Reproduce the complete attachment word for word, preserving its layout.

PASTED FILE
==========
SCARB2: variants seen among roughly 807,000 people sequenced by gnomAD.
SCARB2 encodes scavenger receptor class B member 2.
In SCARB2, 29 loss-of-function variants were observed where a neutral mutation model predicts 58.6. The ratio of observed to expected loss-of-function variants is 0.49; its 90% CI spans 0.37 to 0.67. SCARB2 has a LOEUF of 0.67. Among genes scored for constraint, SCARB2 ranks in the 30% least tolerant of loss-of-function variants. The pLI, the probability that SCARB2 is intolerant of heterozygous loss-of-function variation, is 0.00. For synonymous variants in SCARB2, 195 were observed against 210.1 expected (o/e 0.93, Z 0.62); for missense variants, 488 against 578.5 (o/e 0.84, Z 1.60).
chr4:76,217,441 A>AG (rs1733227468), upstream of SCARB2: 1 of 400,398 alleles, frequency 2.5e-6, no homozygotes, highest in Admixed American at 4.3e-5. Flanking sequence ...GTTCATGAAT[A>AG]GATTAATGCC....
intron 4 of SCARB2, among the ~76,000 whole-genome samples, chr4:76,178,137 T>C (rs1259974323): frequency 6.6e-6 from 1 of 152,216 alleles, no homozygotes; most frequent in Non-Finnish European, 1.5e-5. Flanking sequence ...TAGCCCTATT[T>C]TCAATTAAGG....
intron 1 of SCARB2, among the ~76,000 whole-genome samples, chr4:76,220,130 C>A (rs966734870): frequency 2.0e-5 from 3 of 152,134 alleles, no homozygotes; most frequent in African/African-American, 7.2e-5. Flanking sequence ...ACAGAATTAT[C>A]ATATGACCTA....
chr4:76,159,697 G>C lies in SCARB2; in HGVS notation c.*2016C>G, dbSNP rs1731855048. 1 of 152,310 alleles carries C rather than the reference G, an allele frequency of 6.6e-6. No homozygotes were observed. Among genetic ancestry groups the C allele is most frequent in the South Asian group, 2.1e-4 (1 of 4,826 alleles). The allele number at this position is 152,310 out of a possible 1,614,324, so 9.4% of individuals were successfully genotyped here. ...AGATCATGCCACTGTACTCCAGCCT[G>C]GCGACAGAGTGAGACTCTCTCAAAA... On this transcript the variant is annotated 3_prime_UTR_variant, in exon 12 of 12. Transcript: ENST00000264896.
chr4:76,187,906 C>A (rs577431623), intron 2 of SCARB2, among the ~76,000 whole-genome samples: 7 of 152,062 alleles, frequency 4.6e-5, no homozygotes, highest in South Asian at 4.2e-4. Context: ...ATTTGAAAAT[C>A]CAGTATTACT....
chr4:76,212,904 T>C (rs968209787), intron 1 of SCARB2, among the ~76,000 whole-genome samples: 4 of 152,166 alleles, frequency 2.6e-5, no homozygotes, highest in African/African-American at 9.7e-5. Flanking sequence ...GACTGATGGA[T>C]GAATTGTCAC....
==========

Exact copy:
SCARB2: variants seen among roughly 807,000 people sequenced by gnomAD.
SCARB2 encodes scavenger receptor class B member 2.
In SCARB2, 29 loss-of-function variants were observed where a neutral mutation model predicts 58.6. The ratio of observed to expected loss-of-function variants is 0.49; its 90% CI spans 0.37 to 0.67. SCARB2 has a LOEUF of 0.67. Among genes scored for constraint, SCARB2 ranks in the 30% least tolerant of loss-of-function variants. The pLI, the probability that SCARB2 is intolerant of heterozygous loss-of-function variation, is 0.00. For synonymous variants in SCARB2, 195 were observed against 210.1 expected (o/e 0.93, Z 0.62); for missense variants, 488 against 578.5 (o/e 0.84, Z 1.60).
chr4:76,217,441 A>AG (rs1733227468), upstream of SCARB2: 1 of 400,398 alleles, frequency 2.5e-6, no homozygotes, highest in Admixed American at 4.3e-5. Flanking sequence ...GTTCATGAAT[A>AG]GATTAATGCC....
intron 4 of SCARB2, among the ~76,000 whole-genome samples, chr4:76,178,137 T>C (rs1259974323): frequency 6.6e-6 from 1 of 152,216 alleles, no homozygotes; most frequent in Non-Finnish European, 1.5e-5. Flanking sequence ...TAGCCCTATT[T>C]TCAATTAAGG....
intron 1 of SCARB2, among the ~76,000 whole-genome samples, chr4:76,220,130 C>A (rs966734870): frequency 2.0e-5 from 3 of 152,134 alleles, no homozygotes; most frequent in African/African-American, 7.2e-5. Flanking sequence ...ACAGAATTAT[C>A]ATATGACCTA....
chr4:76,159,697 G>C lies in SCARB2; in HGVS notation c.*2016C>G, dbSNP rs1731855048. 1 of 152,310 alleles carries C rather than the reference G, an allele frequency of 6.6e-6. No homozygotes were observed. Among genetic ancestry groups the C allele is most frequent in the South Asian group, 2.1e-4 (1 of 4,826 alleles). The allele number at this position is 152,310 out of a possible 1,614,324, so 9.4% of individuals were successfully genotyped here. ...AGATCATGCCACTGTACTCCAGCCT[G>C]GCGACAGAGTGAGACTCTCTCAAAA... On this transcript the variant is annotated 3_prime_UTR_variant, in exon 12 of 12. Transcript: ENST00000264896.
chr4:76,187,906 C>A (rs577431623), intron 2 of SCARB2, among the ~76,000 whole-genome samples: 7 of 152,062 alleles, frequency 4.6e-5, no homozygotes, highest in South Asian at 4.2e-4. Context: ...ATTTGAAAAT[C>A]CAGTATTACT....
chr4:76,212,904 T>C (rs968209787), intron 1 of SCARB2, among the ~76,000 whole-genome samples: 4 of 152,166 alleles, frequency 2.6e-5, no homozygotes, highest in African/African-American at 9.7e-5. Flanking sequence ...GACTGATGGA[T>C]GAATTGTCAC....